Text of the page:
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Anyone who has read Dean Koontz’s novels (my favorite is Watchers) knows that he can tell a gripping tale while being perceptive about dogs, an insight made more noteworthy by the fact that Koontz didn’t have a dog for the longest time. Finally in 1998 he and his wife Gerda corrected this omission by adopting Trixie, a Golden Retriever and trained assistance dog, who had been forced by elbow problems to retire in her third year of service. It was the happiest forced retirement imaginable--for Trixie, for the Koontzes, and for all of us who are now privileged to read Dean Koontz’s loving memoir of this remarkable being: A Big Little Life.
Like all great writers, Koontz has the ability to transform the ordinary--his daily life with Trixie--into the funny, the moving, and the sublime. Trixie’s accidentally gashing him while they play fetch turns into one of the great set pieces of medical comedy as Koontz ends up in the emergency room with a lacerated hand. On another occasion Trixie’s saying “baw” for “ball”—straining to say it, but saying it nonetheless--becomes a memorable recounting of all of our attempts to communicate with beings from another species. And Koontz’s simply watching Trixie move, her lithe golden body shimmering and flashing in the sun, takes on the quality of the divine as he expresses what so many of us have subconsciously thought about our own dogs: “The more I watched her, the more she seemed to be an embodiment of that greatest of all graces we now and then glimpse, from which we intuitively infer the hand of God.”
It is no exaggeration to say that Trixie was the hand of God for Koontz. He recounts his difficult childhood, his dysfunctional father, and the many challenges that he had to overcome on the road to becoming a world-famous novelist. But with that fame came commercial caution: telling stories in the same old familiar way and a consequent dulling of his creativity. Then came Trixie. With “baws” and balls, with warning him of fires and intruders in the house, with humor, with stoicism, and with unflinching love, she restored his diminished sense of wonder and impelled him toward taking new risks with narratives, themes, and characters, the very ones millions of us now enjoy.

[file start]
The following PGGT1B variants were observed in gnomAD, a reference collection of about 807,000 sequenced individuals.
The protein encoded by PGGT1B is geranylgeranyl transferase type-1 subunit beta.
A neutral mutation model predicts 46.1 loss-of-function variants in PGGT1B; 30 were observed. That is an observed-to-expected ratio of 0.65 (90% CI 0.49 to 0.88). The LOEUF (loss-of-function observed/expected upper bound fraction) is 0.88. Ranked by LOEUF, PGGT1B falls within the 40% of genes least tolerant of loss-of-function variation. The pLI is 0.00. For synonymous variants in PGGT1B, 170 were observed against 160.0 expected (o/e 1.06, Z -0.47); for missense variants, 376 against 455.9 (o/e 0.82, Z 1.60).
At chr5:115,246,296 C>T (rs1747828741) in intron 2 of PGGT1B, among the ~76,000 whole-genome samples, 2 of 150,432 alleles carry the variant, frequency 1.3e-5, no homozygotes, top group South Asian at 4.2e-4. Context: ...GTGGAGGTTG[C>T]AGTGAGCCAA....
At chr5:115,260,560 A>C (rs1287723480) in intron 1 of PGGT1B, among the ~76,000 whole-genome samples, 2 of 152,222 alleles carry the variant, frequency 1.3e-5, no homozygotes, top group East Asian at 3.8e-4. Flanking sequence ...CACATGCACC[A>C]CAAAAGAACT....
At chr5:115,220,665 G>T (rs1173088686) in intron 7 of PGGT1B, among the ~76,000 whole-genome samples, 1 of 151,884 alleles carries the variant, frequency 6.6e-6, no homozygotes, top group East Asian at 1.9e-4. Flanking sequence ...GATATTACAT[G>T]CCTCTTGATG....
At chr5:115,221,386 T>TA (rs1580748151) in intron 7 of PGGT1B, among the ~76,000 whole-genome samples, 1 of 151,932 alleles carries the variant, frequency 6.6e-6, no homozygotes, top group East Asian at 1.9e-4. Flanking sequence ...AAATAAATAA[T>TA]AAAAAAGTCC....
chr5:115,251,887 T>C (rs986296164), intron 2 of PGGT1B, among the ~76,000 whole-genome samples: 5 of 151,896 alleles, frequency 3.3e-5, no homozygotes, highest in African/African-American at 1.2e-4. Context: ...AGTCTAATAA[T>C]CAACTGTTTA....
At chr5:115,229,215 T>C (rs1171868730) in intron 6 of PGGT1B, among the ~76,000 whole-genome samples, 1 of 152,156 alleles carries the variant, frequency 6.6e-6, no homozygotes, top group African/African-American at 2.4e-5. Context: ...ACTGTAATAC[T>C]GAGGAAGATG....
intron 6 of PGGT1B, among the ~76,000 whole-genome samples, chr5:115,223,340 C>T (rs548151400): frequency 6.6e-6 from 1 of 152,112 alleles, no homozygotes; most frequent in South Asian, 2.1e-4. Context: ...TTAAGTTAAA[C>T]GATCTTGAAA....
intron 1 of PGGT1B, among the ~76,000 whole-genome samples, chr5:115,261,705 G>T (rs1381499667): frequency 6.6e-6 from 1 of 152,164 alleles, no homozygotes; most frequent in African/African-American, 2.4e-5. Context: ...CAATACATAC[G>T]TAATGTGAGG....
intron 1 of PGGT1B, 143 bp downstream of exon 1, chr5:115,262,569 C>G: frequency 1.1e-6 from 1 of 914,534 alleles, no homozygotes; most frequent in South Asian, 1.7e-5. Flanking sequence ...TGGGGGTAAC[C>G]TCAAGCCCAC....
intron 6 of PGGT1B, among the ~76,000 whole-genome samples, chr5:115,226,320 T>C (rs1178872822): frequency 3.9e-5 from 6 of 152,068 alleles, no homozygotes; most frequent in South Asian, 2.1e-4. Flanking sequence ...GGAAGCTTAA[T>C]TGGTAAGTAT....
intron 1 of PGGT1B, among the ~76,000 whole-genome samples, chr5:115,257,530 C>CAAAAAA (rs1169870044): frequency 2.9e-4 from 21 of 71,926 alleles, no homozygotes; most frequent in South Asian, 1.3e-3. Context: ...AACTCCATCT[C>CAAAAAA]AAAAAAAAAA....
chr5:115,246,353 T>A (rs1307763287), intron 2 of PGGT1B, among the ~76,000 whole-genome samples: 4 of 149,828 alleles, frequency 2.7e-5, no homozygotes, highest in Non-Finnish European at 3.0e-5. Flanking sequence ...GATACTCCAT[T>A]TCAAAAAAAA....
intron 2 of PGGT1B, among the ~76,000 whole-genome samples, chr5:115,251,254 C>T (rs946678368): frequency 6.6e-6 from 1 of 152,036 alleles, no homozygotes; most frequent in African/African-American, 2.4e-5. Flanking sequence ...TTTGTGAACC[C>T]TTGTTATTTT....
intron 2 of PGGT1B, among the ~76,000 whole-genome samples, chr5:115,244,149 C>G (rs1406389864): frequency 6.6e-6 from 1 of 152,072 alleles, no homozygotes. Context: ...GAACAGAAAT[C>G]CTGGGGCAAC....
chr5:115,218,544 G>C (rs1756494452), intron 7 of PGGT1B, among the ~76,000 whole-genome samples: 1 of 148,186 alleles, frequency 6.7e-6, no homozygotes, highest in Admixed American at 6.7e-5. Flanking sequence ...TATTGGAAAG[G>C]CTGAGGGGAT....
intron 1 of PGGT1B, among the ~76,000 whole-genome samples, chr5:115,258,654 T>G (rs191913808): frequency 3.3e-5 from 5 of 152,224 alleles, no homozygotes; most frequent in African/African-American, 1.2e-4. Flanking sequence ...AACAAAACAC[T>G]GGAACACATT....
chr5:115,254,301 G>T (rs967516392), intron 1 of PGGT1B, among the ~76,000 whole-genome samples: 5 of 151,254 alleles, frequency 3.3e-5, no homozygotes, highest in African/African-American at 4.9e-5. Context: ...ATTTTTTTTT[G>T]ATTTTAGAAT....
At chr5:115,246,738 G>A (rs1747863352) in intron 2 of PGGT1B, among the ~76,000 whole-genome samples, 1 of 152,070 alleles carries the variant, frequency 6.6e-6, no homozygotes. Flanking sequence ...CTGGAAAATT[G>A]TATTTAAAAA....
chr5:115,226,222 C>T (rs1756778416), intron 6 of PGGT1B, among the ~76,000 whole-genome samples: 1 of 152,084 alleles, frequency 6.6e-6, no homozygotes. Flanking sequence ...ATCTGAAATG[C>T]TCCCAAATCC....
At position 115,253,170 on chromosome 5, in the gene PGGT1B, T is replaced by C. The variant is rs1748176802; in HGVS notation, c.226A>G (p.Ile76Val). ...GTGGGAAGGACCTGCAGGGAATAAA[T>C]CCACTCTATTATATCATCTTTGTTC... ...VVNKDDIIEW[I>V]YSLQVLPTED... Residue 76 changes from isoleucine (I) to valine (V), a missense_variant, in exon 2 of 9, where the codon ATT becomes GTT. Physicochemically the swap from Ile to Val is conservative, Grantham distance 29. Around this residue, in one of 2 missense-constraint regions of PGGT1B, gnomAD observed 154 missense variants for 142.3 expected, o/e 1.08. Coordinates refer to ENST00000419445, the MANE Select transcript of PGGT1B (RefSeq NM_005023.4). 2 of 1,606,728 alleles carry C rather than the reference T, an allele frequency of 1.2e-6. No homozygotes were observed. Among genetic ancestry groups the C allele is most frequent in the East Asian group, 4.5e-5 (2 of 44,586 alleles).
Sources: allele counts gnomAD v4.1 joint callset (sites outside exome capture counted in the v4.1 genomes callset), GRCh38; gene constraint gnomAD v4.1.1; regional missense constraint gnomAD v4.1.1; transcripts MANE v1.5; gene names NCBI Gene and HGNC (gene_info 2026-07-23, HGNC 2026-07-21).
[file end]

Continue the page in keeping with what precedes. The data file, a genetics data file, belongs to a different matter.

“Some dog, huh?” he says.
“Some dog, yes,” we must agree, also concurring when he adds, “The only significant measure of your life is the positive effect you have on others.”
For all of us who have had our lives made better by our dogs, or for that matter by any loving being, A Big Little Life is a welcome reminder of the power of love to turn our hearts into mirrors, reflecting compassion back into the universe--as Trixie most surely did for Koontz and Koontz now does for us.
my husband is a very serious guy himself a writer of text book history so I didn't know if he would like this book and he does he just absolutely loves it and keeps telling me... Read morePublished 23 hours ago by garlic heart
Merle's Door is much better, more moving, and more educational as well.Published 2 days ago by Michael
This is an engaging story of how a dog came into Dean Koontz and his wife's life and changed everything for the better. Read morePublished 4 days ago by Ellie's Friend
This was a moving story about Dean and Gerda's first dog and the enormous impact she had on their lives. Read morePublished 5 days ago by Edward Jenkins
This is a wonderful book. I so enjoyed reading about the wonderful life Dean Koontz and his wife gave to this special dog. They were so lucky to have each other.:)Published 8 days ago by DannaJF
As usual, this book didn't disappoint! This is the most precious, sad, funny, and heartfelt memoir of the Koontzs' special girl, Trixie. Read morePublished 14 days ago by Belle
Such a wonderful, ensightful book......beautiful writing about a beautiful dog and her family. Loved it!Published 18 days ago by kellydog
I'm sure the author loved his dog, but as for a "story", it did not read as anything exciting. Read morePublished 19 days ago by Erie Liver